78. The Dispossessed, by Ursula K. LeGuin
79. Something Wicked This Way Comes, by Ray Bradbury
80. Wicked, by Gregory Maguire
81. The Malazan Book Of The Fallen Series, by Steven Erikson
82. The Eyre Affair, by Jasper Fforde
83. The Culture Series, by Iain M. Banks
84. The Crystal Cave, by Mary Stewart
85. Anathem, by Neal Stephenson
86. The Codex Alera Series, by Jim Butcher
87. The Book Of The New Sun, by Gene Wolfe (3 books)
88. The Thrawn Trilogy, by Timothy Zahn
89. The Outlander Series, by Diana Gabaldan
90. The Elric Saga, by Michael Moorcock
91. The Illustrated Man, by Ray Bradbury
92. Sunshine, by Robin McKinley
93. A Fire Upon The Deep, by Vernor Vinge
94. The Caves Of Steel, by Isaac Asimov
95. The Mars Trilogy, by Kim Stanley Robinson
96. Lucifer's Hammer, by Larry Niven & Jerry Pournelle
97. Doomsday Book, by Connie Willis
98. Perdido Street Station, by China Mieville
99. The Xanth Series, by Piers Anthony
100. The Space Trilogy, by C.S. Lewis

So as you can see, my reading queue is quite full!

Some I plan to skip for various reasons. For instance, I burned out on Stephen King in high school. However, I plan on reading most of the entries in the list.

George R. R. Martin's series is a low priority. I plan to wait until the TV series is done and all the books are written. I've got a few years of reading here, so I can be patient.

I have a number of other recommended science fiction on my reading list as well:

Hugh Cook (,
China Mieville, Lev Grossman, Ian Banks (Player of Games), Verner Vinge (Fire on The Deep), Octavia Butler's Xenogenesis series, Charles Stross Halting State (and others).

A good SciFi book I enjoyed, that wasn't on the top 100 list, is Aristoi by Walter Jon Williams.

Monday, February 09, 2015

Learning to Learn Course Project

I enjoyed my recent Learning to Learn course and wanted to share my class project. The instructions were to create a instructional tool that taught three or more of the concepts covered in the course. Most students created PowerPoint style presentations.

I got a little inspired and created my own Choose Your Own Adventure. I tried to inject a little humor and fun into the learning process.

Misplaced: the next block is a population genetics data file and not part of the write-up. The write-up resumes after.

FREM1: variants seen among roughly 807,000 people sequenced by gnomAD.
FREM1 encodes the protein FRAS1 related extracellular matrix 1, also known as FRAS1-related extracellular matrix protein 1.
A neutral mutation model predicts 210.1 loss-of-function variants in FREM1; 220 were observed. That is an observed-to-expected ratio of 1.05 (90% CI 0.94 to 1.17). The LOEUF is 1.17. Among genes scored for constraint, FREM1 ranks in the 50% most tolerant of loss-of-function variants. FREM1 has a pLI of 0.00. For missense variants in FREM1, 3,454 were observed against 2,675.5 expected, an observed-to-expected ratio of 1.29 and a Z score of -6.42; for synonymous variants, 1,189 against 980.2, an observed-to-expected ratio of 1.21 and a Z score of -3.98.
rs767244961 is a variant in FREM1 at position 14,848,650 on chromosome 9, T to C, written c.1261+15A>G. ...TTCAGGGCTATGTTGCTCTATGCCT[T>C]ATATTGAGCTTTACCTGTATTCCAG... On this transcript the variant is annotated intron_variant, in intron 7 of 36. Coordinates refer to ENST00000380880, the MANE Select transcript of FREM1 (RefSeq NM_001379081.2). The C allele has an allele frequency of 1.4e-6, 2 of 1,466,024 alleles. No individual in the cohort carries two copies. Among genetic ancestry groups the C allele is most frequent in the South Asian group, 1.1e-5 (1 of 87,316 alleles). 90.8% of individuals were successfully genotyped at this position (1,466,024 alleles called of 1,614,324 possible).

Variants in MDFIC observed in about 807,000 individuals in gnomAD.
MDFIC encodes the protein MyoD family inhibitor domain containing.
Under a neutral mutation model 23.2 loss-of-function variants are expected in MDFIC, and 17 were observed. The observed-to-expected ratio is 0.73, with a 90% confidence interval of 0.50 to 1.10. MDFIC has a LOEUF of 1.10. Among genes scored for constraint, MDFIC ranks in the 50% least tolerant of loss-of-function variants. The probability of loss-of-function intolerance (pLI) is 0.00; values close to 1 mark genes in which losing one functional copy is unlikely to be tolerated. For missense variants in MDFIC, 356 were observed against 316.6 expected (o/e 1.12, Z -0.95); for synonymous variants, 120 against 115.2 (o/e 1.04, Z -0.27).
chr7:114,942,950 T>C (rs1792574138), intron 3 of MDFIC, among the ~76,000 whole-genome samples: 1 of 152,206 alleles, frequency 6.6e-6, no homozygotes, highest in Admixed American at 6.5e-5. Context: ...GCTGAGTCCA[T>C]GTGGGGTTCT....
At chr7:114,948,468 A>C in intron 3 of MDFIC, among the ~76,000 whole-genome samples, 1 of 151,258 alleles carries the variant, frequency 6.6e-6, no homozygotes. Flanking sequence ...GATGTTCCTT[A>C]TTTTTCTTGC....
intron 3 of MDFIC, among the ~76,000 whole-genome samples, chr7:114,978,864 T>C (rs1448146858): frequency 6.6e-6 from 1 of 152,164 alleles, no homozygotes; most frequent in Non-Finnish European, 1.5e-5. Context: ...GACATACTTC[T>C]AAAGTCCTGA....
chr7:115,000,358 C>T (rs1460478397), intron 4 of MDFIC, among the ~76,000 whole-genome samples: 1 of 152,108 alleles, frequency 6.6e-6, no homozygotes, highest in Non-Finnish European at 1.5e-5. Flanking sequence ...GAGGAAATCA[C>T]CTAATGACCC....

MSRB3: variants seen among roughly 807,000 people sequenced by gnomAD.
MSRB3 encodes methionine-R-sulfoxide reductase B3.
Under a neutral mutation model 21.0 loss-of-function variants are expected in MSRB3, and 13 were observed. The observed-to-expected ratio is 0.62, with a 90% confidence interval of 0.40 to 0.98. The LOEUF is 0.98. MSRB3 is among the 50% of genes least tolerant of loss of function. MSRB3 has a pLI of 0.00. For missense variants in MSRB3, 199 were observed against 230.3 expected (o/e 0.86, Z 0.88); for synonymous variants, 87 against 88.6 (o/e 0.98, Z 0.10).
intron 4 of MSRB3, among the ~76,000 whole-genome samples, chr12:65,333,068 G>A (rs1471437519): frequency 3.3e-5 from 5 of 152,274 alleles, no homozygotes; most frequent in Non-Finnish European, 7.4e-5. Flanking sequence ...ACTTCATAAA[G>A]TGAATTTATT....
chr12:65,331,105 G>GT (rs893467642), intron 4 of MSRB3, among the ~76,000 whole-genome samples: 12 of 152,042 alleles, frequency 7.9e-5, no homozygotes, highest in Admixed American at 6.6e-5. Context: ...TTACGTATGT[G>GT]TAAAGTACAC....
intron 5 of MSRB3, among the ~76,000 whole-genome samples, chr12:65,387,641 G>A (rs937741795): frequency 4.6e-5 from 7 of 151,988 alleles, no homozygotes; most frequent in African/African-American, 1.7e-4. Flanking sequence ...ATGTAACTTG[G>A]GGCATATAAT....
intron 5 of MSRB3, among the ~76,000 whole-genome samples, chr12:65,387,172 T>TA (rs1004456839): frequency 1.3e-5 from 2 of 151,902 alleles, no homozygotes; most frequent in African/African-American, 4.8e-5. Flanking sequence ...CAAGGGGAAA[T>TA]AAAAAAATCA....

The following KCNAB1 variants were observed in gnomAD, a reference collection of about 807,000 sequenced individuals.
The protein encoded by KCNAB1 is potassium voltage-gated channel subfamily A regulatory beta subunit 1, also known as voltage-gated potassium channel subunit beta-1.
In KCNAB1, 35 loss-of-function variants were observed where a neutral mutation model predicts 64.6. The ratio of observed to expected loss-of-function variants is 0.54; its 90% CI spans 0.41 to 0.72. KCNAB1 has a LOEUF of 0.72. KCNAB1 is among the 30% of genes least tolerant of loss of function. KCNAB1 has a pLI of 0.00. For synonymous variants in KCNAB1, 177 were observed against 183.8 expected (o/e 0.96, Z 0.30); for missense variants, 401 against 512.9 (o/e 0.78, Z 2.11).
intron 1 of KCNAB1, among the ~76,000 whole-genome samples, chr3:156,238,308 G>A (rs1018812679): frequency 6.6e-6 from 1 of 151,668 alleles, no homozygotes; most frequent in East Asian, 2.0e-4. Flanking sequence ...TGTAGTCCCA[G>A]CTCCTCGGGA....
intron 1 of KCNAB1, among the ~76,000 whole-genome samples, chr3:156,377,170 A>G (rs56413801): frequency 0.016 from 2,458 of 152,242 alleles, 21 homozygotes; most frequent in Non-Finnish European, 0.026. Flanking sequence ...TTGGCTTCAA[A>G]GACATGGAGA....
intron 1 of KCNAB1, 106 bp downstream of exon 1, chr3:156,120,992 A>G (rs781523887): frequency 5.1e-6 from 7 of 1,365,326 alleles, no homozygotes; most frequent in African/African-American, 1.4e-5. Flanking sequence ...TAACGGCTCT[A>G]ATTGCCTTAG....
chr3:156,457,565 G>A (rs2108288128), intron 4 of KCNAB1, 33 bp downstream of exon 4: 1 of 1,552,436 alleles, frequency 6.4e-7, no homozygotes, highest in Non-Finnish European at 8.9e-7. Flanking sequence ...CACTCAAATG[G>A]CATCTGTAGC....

You can check it out here:

A big thank you to Inkle Studios for providing a fantastic, free, online writing application.

Monday, February 02, 2015

A Mind For Numbers

One of my ongoing personal projects is discovering good techniques and tools for teaching math, science, and a problem-solving mindset to our two elementary school-aged kids. To that end, I recently read Dr. Barbara Oakley's excellent book: "A Mind for Mathematics: How to Excel at Math and Science (Even If You Flunked Algebra)."
Dr. Oakley's own story is inspiring. She transformed herself from a math-phobe into a professor of engineering. This book is not your usual anecdotal self-help book. While the tone and writing are very casual, the material is completely scientific. All the information is based on the latest brain research, and the book includes a comprehensive bibliography.

I did not need to read the underlying psychology and brain research papers to see the truth of what Dr. Oakley wrote. I found myself reflecting on my own successes and failures in learning. I’ve always considered myself naturally talented at math. I ended up with a BS in Mathematics. However, there were a few mathematical subjects that confounded me, most notably Linear Algebra. In retrospect, I saw that I lost the thread of understanding on Linear Algebra right from the start. After those early frustrations I established a fixed mindset and convinced myself that I just wasn’t any good at “matrix math.” In graduate school I worked very hard to pass a Numerical Methods qualifying exam. Numerical Methods makes extensive use of Linear Algebra. However, I was doomed by my lack of understanding of the underlying theory. As hard as I worked at memorizing and mastering techniques for solving the problems, I was helpless to apply those techniques to new or even slightly different problems. I needed to start from scratch and build up, but by then it was too late. Only now, many years later, can I see my mistakes.